SUNSET PARK – With the expansion of Sunset Park’s Industry City in flux, the local City Council member hopes pumping the brakes on the project’s approval process will serve as a model that shifts the land use politics paradigm in the city.
On Sunday, Council Member Carlos Menchaca told Bklyner that he wants to spur a “radical” change “away from the status quo” on discretionary development.
Industry City, a 16-building, approximately 500-business complex in Southwest Brooklyn, is seeking a zoning change that would allow it to add retail and educational space, as well as two hotels with more than 400 rooms to its more than 5 million-square-foot campus. Industry City’s 10-year, $1 billion redevelopment plan, which requires a rezoning of the M3 area to be built, promises to create 15,000 jobs and bring an economic boon to the neighborhood.
Predictably, the proposed development in the changing, historically industrial pocket of the city prompted gentrification fears. And about four years after Industry City’s expansion was first floated, the proposal was put on ice in March, when Menchaca, who represents the area, vowed to kill the project unless Industry City CEO Andrew Kimball delayed the application, which he begrudgingly agreed to do.
Menchaca at first argued he and neighborhood advocates needed more time to mull over the proposal than the city’s land use review process allots, and soon after floated the possibility of not allowing an expansion at all.
Menchaca told Community Board 7 in March that he’s “not sure that a rezoning is at all necessary now,” Curbed reported. Last month, Menchaca told the Brooklyn Daily Eagle that “the best-case scenario may be no rezoning.”
At an unrelated press conference in March, Mayor Bill de Blasio touted the redevelopment’s job-creating potential. “This is about … ensuring that there are jobs for people in working communities,” he said. “I understand that there are concerns about gentrification and those are honest and those are real, but the irony to me is that this particular initiative was aimed at creating jobs for working people, for the community and [people] from surrounding communities.”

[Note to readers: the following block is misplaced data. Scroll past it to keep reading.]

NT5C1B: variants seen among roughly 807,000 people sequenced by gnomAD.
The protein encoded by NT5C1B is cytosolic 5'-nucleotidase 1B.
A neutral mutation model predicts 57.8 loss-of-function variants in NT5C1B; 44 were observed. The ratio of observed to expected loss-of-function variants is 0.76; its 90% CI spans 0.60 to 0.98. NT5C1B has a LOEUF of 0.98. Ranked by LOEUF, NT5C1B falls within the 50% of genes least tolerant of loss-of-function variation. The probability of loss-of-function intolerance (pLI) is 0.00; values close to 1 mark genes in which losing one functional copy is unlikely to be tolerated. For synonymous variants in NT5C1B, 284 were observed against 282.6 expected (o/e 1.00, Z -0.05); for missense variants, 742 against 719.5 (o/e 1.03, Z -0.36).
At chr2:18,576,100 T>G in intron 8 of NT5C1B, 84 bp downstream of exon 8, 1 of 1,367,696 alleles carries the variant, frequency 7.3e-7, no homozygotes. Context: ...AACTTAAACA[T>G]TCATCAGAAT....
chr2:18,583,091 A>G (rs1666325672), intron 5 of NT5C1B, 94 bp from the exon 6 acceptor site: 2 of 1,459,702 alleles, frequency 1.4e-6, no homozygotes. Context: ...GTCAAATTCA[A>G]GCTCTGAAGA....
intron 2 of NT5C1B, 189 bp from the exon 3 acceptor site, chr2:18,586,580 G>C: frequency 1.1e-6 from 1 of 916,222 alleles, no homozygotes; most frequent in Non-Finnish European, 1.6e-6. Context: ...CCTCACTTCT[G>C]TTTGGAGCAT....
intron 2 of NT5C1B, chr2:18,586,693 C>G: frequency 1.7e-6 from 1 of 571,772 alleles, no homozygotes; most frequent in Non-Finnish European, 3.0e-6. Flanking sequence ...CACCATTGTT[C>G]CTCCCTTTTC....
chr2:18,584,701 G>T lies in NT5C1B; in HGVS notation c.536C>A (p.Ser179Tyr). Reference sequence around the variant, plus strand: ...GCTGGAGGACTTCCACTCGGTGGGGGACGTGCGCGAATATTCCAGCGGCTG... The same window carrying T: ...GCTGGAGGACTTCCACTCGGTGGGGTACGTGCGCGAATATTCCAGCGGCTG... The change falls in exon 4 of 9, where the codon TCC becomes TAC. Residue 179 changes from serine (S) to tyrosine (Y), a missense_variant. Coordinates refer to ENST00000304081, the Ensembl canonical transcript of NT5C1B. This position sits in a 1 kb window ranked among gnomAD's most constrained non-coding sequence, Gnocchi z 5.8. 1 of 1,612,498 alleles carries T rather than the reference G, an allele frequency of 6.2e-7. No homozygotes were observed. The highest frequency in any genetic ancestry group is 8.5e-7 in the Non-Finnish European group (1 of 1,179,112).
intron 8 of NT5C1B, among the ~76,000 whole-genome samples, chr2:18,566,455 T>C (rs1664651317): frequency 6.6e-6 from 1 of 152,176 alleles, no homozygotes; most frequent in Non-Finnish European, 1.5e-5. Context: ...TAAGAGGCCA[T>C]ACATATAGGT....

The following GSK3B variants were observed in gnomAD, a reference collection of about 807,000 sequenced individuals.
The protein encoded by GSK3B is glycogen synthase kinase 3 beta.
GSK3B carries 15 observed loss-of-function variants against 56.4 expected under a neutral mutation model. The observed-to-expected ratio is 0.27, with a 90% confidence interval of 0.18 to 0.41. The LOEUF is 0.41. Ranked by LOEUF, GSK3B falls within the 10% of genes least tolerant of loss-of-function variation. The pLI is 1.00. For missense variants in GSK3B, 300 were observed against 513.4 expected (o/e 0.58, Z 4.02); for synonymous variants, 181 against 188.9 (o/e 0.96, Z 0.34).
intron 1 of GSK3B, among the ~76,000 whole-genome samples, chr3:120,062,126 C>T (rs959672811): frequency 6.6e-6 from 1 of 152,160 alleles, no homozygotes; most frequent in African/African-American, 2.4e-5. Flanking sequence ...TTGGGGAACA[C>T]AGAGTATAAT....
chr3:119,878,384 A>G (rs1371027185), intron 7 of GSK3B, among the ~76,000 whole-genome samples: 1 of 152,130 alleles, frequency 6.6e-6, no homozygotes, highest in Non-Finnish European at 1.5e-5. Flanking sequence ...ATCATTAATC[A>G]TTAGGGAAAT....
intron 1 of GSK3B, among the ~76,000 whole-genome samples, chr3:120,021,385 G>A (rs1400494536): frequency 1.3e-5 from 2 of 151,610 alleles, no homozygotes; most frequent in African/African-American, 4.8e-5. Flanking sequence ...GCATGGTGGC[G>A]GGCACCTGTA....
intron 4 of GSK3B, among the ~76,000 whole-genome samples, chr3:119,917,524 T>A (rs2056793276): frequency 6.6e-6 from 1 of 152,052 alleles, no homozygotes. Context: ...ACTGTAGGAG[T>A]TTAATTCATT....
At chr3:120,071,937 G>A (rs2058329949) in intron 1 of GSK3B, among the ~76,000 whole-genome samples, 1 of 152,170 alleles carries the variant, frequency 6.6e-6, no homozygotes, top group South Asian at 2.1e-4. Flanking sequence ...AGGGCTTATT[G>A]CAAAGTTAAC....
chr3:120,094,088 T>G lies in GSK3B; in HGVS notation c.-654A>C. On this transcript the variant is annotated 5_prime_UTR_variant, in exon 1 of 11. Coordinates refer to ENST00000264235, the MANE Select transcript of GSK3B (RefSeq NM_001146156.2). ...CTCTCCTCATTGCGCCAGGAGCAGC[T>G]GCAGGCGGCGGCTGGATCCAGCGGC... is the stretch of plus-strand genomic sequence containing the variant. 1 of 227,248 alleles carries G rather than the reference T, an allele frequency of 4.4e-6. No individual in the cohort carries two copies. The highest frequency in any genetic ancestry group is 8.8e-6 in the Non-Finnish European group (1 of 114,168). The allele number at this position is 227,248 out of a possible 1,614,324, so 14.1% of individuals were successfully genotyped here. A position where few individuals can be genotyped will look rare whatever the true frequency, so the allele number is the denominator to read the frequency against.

Kimball, in a letter responding to the local community board’s chair and Menchaca, talked up the benefits of Industry City’s plan and said the no-rezoning option wouldn’t yield the outcome expansion skeptics desire.
“You have the opportunity here to support the type of good paying, accessible job-generating project that so far has resulted in 5,500 new jobs, or 100 new jobs a month, and will lead to 15,000 jobs with a unique mix-use ecosystem of commercial academic and industrial uses,” Kimball wrote. “Or you can slow job creation and force the project to turn entirely to commercial office-type tenants, all as of right under the current archaic heavy M3 zoning.”
Lisa Serbaniewicz, a spokesperson for Industry City, said since there are “four times as many jobs and three times as many businesses” at Industry City currently than there were in 2013 “the case for the rezoning is made clear,” no matter the process.
But Menchaca says the way he’s approaching Industry City’s potential growth is about far more than just addressing this particular proposed expansion.
“I’m very committed to building out that sense of leadership, so that other Council members feel like they can take this on,” he said Sunday, of his efforts to establish a model in which the local member has more control over development bids.
Menchaca noted he is bringing in outside experts to assess the likely impacts of Industry City’s expansion, explaining that he doesn’t trust City Planning to accurately measure ensuing displacement and gentrification.
“We have a large burden as a community and as a city to think through some of that, otherwise it’s going to be developers running the show, being in the driver’s seat,” he added.
Taking things slowly and carefully this time around, he says, will play a part in ensuring past mistakes are not repeated.
“Every single rezoning has been difficult [and] has left a bad taste in communities’ mouths,” he explained. “That’s not what we deserve. … That’s not the only way to do rezonings and to do development in the city.”
By September, Menchaca says he and neighborhood advocates with whom he’s been consulting will come to a decision on whether or not they will begin a land use process or nix the buildout —an outcome Menchaca sounded warm to. He said a no-rezoning scenario is a “viable option” and that it presented “a lot of good possibilities for things to just keep growing” in Sunset Park, which he wants to keep a “walk-to-work neighborhood.”
“This isn’t the last time Sunset Park will be met with the forces of capitalism and greed that are hitting so many cities,” he said, “and we need to stay stronger.”